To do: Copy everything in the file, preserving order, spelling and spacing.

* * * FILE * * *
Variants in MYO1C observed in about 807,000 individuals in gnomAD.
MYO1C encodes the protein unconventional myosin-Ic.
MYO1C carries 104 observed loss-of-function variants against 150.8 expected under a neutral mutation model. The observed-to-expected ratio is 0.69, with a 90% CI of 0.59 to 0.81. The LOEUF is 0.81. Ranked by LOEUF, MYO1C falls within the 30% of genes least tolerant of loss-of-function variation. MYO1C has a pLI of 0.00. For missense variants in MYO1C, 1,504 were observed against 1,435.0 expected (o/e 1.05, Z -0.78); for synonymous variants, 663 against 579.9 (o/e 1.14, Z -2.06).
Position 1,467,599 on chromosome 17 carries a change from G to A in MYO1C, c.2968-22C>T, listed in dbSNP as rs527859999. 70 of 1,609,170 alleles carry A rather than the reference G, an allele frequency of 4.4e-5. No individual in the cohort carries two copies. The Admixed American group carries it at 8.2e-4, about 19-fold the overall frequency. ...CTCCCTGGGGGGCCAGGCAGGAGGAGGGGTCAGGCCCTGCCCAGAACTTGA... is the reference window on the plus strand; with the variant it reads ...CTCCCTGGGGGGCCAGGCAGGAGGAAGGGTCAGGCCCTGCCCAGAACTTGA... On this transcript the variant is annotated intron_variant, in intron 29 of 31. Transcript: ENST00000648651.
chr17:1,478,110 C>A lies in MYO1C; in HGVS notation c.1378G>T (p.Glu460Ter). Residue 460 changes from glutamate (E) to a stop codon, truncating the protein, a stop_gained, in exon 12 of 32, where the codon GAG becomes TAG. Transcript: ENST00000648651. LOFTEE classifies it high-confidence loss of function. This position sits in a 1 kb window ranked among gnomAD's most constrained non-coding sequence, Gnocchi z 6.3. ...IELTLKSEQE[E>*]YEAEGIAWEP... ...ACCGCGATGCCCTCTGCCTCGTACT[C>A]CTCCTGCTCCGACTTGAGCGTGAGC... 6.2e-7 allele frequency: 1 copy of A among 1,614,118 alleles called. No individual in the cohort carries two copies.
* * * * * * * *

Variants in MYO1C observed in about 807,000 individuals in gnomAD.
MYO1C encodes the protein unconventional myosin-Ic.
MYO1C carries 104 observed loss-of-function variants against 150.8 expected under a neutral mutation model. The observed-to-expected ratio is 0.69, with a 90% CI of 0.59 to 0.81. The LOEUF is 0.81. Ranked by LOEUF, MYO1C falls within the 30% of genes least tolerant of loss-of-function variation. MYO1C has a pLI of 0.00. For missense variants in MYO1C, 1,504 were observed against 1,435.0 expected (o/e 1.05, Z -0.78); for synonymous variants, 663 against 579.9 (o/e 1.14, Z -2.06).
Position 1,467,599 on chromosome 17 carries a change from G to A in MYO1C, c.2968-22C>T, listed in dbSNP as rs527859999. 70 of 1,609,170 alleles carry A rather than the reference G, an allele frequency of 4.4e-5. No individual in the cohort carries two copies. The Admixed American group carries it at 8.2e-4, about 19-fold the overall frequency. ...CTCCCTGGGGGGCCAGGCAGGAGGAGGGGTCAGGCCCTGCCCAGAACTTGA... is the reference window on the plus strand; with the variant it reads ...CTCCCTGGGGGGCCAGGCAGGAGGAAGGGTCAGGCCCTGCCCAGAACTTGA... On this transcript the variant is annotated intron_variant, in intron 29 of 31. Transcript: ENST00000648651.
chr17:1,478,110 C>A lies in MYO1C; in HGVS notation c.1378G>T (p.Glu460Ter). Residue 460 changes from glutamate (E) to a stop codon, truncating the protein, a stop_gained, in exon 12 of 32, where the codon GAG becomes TAG. Transcript: ENST00000648651. LOFTEE classifies it high-confidence loss of function. This position sits in a 1 kb window ranked among gnomAD's most constrained non-coding sequence, Gnocchi z 6.3. ...IELTLKSEQE[E>*]YEAEGIAWEP... ...ACCGCGATGCCCTCTGCCTCGTACT[C>A]CTCCTGCTCCGACTTGAGCGTGAGC... 6.2e-7 allele frequency: 1 copy of A among 1,614,118 alleles called. No individual in the cohort carries two copies.